Still, if you look hard enough, there is grotesque stuff available. If pornography doesn’t bother you, your stomach may be curdled by the vulgar commentary and clinical how-to’s in the militia and gun newsgroups. Your local newsstand is a far more user-friendly source of obscenity than the on-line world, but it’s also true that, if you work at it, you can find plenty on line that will disgust you, and possibly even disgust your children.

This is the justification for an effort in Congress to give the Federal Government tools to control the content available on the Internet. The Communications Decency Act, making its way through Congress, aims to transform the obscene-phone-call laws into a vehicle for prosecuting any Internet user, bulletin-board operator, or on-line service that knowingly makes obscene material available.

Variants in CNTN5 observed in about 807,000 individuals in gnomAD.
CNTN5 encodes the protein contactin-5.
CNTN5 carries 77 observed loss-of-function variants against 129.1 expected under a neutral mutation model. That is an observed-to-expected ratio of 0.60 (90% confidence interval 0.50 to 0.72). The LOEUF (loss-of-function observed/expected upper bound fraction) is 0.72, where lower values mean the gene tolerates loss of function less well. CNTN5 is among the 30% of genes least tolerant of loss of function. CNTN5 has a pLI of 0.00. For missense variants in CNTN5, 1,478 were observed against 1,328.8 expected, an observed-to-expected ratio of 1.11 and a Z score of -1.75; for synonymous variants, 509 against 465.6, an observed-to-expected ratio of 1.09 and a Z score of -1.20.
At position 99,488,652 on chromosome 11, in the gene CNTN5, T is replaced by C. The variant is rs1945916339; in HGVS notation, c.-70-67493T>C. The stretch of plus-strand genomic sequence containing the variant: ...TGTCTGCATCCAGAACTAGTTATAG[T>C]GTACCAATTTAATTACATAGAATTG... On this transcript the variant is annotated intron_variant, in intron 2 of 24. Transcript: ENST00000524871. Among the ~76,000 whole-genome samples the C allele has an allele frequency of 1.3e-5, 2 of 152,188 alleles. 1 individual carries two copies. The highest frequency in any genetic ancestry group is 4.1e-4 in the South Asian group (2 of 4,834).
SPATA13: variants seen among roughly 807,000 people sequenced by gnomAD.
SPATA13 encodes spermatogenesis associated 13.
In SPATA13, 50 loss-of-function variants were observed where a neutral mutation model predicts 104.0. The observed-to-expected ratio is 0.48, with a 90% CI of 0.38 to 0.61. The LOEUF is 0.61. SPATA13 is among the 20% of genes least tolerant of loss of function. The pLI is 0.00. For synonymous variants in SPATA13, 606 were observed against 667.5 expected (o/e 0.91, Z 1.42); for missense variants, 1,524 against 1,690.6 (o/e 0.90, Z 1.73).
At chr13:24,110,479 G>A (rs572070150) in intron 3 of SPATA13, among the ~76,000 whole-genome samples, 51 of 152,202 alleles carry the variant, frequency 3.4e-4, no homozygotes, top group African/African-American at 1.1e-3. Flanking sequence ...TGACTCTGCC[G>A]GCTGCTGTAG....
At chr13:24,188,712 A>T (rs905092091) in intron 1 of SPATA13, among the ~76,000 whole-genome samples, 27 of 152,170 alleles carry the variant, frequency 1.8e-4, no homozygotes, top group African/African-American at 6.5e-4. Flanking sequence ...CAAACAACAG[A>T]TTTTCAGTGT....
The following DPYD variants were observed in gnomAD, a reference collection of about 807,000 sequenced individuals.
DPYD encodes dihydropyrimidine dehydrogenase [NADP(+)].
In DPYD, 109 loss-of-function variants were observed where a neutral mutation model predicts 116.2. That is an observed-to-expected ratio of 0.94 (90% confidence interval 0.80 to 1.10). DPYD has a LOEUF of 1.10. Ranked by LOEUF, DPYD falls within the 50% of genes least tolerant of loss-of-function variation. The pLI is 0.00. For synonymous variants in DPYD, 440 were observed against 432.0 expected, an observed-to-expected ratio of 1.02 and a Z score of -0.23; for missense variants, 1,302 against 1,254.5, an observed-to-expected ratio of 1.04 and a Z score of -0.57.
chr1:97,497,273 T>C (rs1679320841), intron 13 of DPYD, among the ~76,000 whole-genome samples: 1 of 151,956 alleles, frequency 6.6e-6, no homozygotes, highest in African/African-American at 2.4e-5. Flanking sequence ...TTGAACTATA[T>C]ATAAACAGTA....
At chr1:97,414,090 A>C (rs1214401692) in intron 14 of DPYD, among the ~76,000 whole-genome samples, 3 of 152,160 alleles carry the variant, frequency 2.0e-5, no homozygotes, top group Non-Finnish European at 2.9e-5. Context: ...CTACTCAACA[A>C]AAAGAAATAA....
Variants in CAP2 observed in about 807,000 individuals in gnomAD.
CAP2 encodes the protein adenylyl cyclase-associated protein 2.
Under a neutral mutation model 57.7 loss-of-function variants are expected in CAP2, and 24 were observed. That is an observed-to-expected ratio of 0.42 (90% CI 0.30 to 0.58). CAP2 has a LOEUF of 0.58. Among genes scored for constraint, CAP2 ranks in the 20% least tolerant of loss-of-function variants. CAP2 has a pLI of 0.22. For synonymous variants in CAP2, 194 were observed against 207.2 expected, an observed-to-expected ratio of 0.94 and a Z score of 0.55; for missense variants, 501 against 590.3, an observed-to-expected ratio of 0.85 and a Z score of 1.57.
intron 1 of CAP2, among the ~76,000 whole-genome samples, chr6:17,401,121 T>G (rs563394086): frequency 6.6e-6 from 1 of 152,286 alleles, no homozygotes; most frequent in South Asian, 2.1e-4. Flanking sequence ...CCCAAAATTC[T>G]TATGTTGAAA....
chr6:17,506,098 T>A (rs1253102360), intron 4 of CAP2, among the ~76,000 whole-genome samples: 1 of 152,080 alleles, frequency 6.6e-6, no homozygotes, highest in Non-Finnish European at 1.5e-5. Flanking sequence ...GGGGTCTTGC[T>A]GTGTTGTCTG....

As originally written, the bill would not only have made it a crime to write lewd E-mail to your lover; it would also have made it a crime for your Internet provider to transmit it. After a round of lobbying from the large on-line services, the bill’s authors have added “defenses” that could exempt mere unwitting carriers of data, and they say it is children, not consenting adults, they aim to protect. Nevertheless, the legislation is a historically far-reaching attempt at censorship on a national scale.